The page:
Ebenezer Operation Exodus - Operation Exodus in the former Soviet Union

Operation Exodus in the former Soviet Union


Today Novosibirsk, in southern Siberian Russia, is the main base for helping Jewish people to make aliyah from the whole of Siberia. The base leadership oversees the work of regional representatives and their helpers. The Novosibirsk base was established in 1997 when Troels and Birgit Truelsen moved from Khabarovsk.

Novosibirsk is the youngest and largest city in the whole of Siberia. From being a village on the Ob river crossing of the Trans–Siberian Railway in 1893, it has grown an urban centre of nearly 1.5 million people. It mushroomed in the 1920s as an industrial and transport centre and expanded even more during the Second World War when factories and plants were evacuated to it from European Russia to save them from Hitler’s invading forces.

Ebenezer’s arrival in Novosibirsk quickly made an impact on the number of Jewish people leaving the region for Israel. Fishing teams spread the ‘net’ far and wide. ‘Our sincerest gratitude and appreciation for your effective and valuable assistance. Your efforts in locating Jews in the vast and remote areas are of great worth to us,’ the Jewish Agency in Novosibirsk wrote to Ebenezer.

The area Novosibirsk base has the oversight of covers a territory ten times the size of Europe. There are regional representatives in strategic centres. The work, says current base leader Yuri, is primarily aimed at ‘finding every Jewish person and bringing them the message of God’s call for them to return home’. He and his co–workers travel great distances, enduring bad roads that are often little more than tracks, hampered by rain turning them to mud in summer and heavy snowfalls blocking the way to remote villages and settlements in winter. But the reward for their perseverance is ‘great blessing to meet and serve those who are prayed for by thousands of intercessors in Russia and all over the world, as well as being assisted financially by numerous supporters.

‘We are privileged’, says Yuri, ‘to be able to see the fruit of all this work as we not only find Jewish people but help them with their documents and see them off to Israel. We are the last in the land of their exile to bid them farewell and wish them a blessed journey home’.

Teaching the Church about helping with aliyah has become an increasingly important part of the work. By sharing their rich experiences of this ministry, along with teaching from the Scriptures, Yuri sees Christians being equipped and prepared to take up the responsibility for Jewish people going home from Russia in the days ahead.


Operation Exodus in the fSU Yekaterinburg

Westwards, between Novosibirsk and Moscow, is Yekaterinburg, infamous as the place where the Bolsheviks murdered Tsar Nicholas II and his family in 1918. As Sverdlovsk (it became Yekaterinburg again in 1991), it is also known as the place where former Russian President Boris Yeltsin began his rise as a politician. The ancient city is the capital of the mineral–rich Ural Mountains region. Since Ebenezer established a base there in 1999 staff, volunteers, helpers and regional representatives have worked intensively in the city and far beyond in Sverdlovsk oblast – seeking Jewish people in the city and far beyond, meeting olim at railway stations and helping them with their baggage to the airport, buying and distributing food parcels and establishing relationships with Jewish organisations and churches in many of the region’s cities and towns. Often it meant long journeys on rough roads, severe in harsh winter conditions.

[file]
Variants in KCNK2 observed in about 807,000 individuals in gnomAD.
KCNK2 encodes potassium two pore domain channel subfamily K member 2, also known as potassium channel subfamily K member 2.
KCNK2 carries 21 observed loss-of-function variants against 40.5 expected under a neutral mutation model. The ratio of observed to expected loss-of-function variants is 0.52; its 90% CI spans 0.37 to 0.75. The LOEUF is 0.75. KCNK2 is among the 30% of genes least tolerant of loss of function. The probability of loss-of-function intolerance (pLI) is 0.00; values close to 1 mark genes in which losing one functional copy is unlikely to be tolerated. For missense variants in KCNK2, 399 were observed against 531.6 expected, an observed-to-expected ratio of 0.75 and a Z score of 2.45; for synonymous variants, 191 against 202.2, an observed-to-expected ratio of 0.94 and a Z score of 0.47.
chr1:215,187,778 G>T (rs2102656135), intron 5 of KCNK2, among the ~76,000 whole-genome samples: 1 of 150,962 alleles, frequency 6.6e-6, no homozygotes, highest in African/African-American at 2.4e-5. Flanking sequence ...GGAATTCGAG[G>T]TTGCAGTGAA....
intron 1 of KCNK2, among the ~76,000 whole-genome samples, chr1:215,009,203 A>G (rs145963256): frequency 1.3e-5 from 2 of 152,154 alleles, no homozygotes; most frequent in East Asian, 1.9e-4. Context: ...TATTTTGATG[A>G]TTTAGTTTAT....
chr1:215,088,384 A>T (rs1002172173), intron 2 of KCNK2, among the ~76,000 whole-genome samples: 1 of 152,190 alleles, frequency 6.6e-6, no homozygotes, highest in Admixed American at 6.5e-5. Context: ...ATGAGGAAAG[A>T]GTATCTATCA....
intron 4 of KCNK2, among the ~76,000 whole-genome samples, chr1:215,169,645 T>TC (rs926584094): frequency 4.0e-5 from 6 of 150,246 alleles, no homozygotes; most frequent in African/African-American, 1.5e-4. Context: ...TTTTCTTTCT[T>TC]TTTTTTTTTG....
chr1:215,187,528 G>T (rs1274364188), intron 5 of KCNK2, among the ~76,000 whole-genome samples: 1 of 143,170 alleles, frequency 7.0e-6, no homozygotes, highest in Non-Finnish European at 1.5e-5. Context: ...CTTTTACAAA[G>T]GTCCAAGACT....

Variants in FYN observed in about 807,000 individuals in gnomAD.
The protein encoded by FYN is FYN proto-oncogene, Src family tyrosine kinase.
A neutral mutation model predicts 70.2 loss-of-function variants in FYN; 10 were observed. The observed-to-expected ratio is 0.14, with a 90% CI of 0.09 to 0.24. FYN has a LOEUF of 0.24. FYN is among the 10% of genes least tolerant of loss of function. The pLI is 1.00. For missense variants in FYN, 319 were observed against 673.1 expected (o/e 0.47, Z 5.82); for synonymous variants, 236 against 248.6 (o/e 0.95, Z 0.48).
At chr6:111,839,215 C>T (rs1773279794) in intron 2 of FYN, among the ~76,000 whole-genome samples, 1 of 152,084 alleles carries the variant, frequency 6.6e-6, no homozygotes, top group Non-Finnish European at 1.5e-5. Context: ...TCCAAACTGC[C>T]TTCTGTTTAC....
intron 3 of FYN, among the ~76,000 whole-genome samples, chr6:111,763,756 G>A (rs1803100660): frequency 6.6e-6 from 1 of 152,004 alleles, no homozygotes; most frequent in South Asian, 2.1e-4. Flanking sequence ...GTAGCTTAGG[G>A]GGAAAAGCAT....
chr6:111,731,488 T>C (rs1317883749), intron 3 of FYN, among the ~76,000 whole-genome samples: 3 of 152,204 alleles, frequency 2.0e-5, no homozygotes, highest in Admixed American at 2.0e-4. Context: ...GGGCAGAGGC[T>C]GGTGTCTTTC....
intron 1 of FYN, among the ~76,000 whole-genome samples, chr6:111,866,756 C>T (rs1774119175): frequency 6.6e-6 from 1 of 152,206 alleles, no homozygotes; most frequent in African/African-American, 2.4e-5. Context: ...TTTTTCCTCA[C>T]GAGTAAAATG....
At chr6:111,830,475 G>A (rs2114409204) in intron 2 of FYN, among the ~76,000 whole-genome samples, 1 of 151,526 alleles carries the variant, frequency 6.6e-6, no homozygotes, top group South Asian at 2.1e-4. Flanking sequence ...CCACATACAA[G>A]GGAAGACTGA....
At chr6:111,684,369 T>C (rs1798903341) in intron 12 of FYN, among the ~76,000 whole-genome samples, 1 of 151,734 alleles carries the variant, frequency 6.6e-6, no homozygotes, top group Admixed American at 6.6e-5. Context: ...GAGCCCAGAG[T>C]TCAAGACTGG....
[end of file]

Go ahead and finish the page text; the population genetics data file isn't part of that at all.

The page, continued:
The hard work has borne fruit. Today friendly and trustful relationships with members of local Jewish communities are proving very helpful in helping people make aliyah. Many of the repatriates are amazed we are Christians because of our willingness to help them in every way possible and tell us we are always welcome in their homes in Israel. It is such a joy that they regard us as friends.

Many of those we come into contact with for the first time have already heard of Ebenezer, especially through helping family members to make aliyah. Often we begin by helping one or two members of a family – either their children to go to Israel on study programmes or elderly parents to repatriate. So as other members prepare to make aliyah they know the kind of assistance we give.

The importance of humanitarian aid, which is distributed among needy Jewish families, cannot be underestimated. It has often been the key to sharing about making aliyah, as well as building up relationships with Jewish organisations. Ebenezer often works closely with local communities in distributing food parcels. This co–operation has proved particularly successful in remote parts of the Urals, Udmurtia republic and Kurgan oblast.

A striking example of the humanitarian aid work is the Winter Shoes for Jewish Children project. This enabled us, over a short period of time, to meet with many families. As a result a number of them requested further meetings with us to hear more about Israel and making aliyah. The project especially touched the hearts of the 5,000–strong Jewish community in Udmurtia, including the head of a Jewish charity. He was particularly moved by the fact that Ebenezer was willing to make a long trip for the sake of one family living in a remote place.

One of the greatest concerns about the work of aliyah in the Yekaterinburg region is the reluctance, generally, of churches to become involved. We need much prayer that this will change.

Intro, The Russian Federation, Siberia > >   Novosibirsk, Yekaterinburg > >   Moscow, Pyatigorsk > >   Rostov–on–Don, Ukraine > >   Moldova, Armenia, Georgia > >   Central Asia, Kazakhstan, Kyrgyzstan > >   Uzbekistan, Turkmenistan, The work of our bases in the former Soviet Union > >